From forcing down cow’s intestines to being screamed out of a restaurant by angry waiters, here’s a taste of what the year abroad has to offer.
The Carnivores of Castilla la Mancha
When deciding to have lunch with a Spanish family I did not realise that pig’s ears and cow’s intestines were on the menu. Spain has a tradition of eating the whole pig and the whole cow (including the testicles and the fat) because meat is expensive and many regions in Spain were and still are relatively poor. I politely picked at the meal. However, it did make me think about how often I tuck into chicken breasts and beef steaks without considering how much of the animal is actually being wasted.
Pino's Perfect Panini
During my time in Florence I had the opportunity to befriend Pino and become a regular at his Paninoteca in the Santo Spirito area. Every Monday after work I would order his iconic 'la bomba' sandwich, which was a delightful combination of tuscan pecorino, sun-dried tomatoes and salame piccante. It was the highlight of my week, and having the legendary Pino memorise my weekly order will always be a source of YA pride!
A Cuban Cooking Treat
Cuba is not known for its cuisine, and rightly so. Much of the Cuban population still live off rations given by the government, and luxuries such as herbs and spices are rare. We were living with a Cuban family in Havana, and whilst relatively well-off due to renting their rooms out to foreigners like us, their cooking was basic and repetitive. We were given breakfast and dinner each day, the latter being a variation of rice and beans, or Moros y Cristianos as the dish is known in Cuba. But for the family’s son’s 18th birthday, we received a special treat. Our casa mama was explaining to us the dish beforehand, and was surprised we hadn’t heard of it. ‘Ensalada fría’ she kept repeating, and we couldn’t work out what she was describing in her thick Cuban accent. Then that night for dinner we were served some cold congealed spaghetti with mayonnaise, lardons and pineapple. All served on a tiny plate, next to a big slice of cream birthday cake. This was one of two evenings in two months we didn’t eat some variation of rice and beans.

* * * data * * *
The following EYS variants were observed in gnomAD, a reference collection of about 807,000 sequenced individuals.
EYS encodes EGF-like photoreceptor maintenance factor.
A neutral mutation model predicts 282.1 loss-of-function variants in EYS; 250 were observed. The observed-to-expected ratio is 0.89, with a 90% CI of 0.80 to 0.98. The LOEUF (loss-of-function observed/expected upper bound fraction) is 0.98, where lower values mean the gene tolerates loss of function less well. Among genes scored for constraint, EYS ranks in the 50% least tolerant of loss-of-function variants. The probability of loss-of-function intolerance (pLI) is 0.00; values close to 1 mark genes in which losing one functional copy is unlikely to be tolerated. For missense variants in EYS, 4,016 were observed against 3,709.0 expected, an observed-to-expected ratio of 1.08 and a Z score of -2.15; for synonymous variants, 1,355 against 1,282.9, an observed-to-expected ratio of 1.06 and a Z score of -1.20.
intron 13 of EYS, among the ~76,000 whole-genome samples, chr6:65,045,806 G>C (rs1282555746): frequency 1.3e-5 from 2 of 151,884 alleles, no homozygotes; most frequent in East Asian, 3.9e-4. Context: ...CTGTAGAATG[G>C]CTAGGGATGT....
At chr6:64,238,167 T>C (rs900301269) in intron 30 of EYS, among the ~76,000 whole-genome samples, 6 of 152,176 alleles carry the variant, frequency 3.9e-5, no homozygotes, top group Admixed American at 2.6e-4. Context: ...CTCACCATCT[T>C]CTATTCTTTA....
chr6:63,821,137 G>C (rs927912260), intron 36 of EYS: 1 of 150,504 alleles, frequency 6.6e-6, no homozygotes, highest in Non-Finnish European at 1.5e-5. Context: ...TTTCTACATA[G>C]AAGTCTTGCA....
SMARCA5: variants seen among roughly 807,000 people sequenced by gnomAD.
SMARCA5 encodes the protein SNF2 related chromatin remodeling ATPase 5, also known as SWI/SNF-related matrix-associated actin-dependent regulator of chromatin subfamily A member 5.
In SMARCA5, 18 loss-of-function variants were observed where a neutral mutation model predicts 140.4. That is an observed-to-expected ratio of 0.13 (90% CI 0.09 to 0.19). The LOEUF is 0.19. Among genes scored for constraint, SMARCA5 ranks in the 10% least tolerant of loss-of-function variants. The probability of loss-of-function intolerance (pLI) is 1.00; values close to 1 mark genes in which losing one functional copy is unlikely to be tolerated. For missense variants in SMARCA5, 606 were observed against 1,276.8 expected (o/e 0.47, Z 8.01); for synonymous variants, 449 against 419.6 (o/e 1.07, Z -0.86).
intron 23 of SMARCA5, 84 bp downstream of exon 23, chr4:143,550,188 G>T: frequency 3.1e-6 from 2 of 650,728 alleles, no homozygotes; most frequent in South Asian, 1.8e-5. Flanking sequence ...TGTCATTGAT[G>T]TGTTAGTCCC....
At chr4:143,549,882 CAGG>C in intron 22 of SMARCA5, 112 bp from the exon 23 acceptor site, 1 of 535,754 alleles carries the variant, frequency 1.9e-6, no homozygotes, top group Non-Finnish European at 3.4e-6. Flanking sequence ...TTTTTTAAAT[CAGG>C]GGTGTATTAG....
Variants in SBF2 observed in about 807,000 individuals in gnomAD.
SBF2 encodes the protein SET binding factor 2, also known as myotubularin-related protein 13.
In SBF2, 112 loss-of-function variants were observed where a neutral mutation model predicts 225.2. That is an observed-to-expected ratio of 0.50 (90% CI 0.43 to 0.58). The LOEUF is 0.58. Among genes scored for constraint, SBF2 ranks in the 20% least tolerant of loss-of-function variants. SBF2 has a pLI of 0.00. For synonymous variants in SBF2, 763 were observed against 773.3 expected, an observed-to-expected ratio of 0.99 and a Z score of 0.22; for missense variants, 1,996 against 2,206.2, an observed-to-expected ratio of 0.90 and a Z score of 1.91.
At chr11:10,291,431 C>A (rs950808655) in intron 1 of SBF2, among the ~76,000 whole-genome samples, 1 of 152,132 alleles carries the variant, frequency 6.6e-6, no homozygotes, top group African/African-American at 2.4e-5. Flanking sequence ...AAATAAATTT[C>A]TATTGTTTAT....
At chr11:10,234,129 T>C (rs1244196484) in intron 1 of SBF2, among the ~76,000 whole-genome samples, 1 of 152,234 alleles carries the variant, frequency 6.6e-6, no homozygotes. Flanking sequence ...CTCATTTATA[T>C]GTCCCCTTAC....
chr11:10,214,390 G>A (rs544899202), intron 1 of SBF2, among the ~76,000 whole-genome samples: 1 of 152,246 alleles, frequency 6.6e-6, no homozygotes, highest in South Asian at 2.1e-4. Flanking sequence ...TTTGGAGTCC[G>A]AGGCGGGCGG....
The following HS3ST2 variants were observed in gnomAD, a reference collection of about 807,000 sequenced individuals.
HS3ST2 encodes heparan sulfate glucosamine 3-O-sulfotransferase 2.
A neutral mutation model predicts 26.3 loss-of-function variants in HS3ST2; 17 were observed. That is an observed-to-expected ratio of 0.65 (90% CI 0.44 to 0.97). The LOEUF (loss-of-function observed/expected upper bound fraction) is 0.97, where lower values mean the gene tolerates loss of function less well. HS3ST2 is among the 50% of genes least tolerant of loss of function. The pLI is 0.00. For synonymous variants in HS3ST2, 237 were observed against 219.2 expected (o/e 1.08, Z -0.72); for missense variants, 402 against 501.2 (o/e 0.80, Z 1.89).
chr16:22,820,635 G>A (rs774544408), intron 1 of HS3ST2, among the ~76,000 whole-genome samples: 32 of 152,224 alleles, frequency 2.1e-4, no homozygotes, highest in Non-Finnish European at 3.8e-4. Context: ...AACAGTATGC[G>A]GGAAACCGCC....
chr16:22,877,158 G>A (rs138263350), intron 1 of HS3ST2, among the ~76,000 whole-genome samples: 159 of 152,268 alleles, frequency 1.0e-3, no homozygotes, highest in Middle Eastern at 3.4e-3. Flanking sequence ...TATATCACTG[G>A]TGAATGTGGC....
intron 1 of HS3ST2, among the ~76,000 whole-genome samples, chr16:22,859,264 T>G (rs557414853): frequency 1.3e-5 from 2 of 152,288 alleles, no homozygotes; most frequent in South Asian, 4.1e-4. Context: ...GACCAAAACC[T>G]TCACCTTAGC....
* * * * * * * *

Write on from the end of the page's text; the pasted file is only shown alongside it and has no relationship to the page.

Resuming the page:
An Introduction to Russian Fish and Customer Service
During my stay in Russia, we took a trip to Lake Baika. We stopped off in Irkutsk for a couple of days where we made an ill-fated visit to a restaurant recommended by the Lonely Planet. After an hour and a half without food, we managed to get into a heated argument with the manager when we tried to leave. He went ballistic and chased us out of the restaurant and down the road all the while shouting “fascists” after us. Not a successful meal out.
Our luck didn’t improve a whole lot when we actually reached the lake, as we discovered that we had completely missed tourist season and the resort town we were staying in was deserted. It looked like a scene out of a western, there were literally tumbleweeds rolling down the “high-street”. The restaurants weren’t expecting any visitors and so were only serving their local fish, omul. After 4 or 5 days surviving only on omul, our passion for this local delicacy was wearing pretty thin. That was until we went on an excursion around the lake’s biggest island, Olkhon. Our guides took us to a spot in the woods and prepared a fish stew over a camp fire. It was absolutely delicious and sitting around a camp fire on an island in one of the biggest lakes in the world was a great way to end the trip.
Berlin’s Surprising Foodie Culture
I arrived in Berlin with far from high expectations of German cuisine. However, I soon learned that the city has an incredible amount to offer. On the traditional side, a particularly fantastic experience was at Repke, recommended by some German colleagues. It’s a restaurant in the heart of Charlottenburg (100% worth the trek to the West) serving the simplest yet most incredible German food. The Späztle are a definite highlight and you cannot miss the beef goulash and dumplings. This place serves all the staples of German cuisine; we soon became regulars to try out every speciality. On the other side of town, Pane e Vino (choose the one in the heart of Prenzlauerberg) is the place to go if you're strapped for cash but looking for a fun night. A bit like Spags, all the pizzas and pastas cost €3,95 - this is a restaurant where your drink will cost more than your meal. The food is great and so is the atmosphere inside - it’s always full and all available surfaces have been used as a canvas by punters. Street Food in Berlin is also fantastic...particularly when it comes to the döner kebabs which are so good you can enjoy them sober.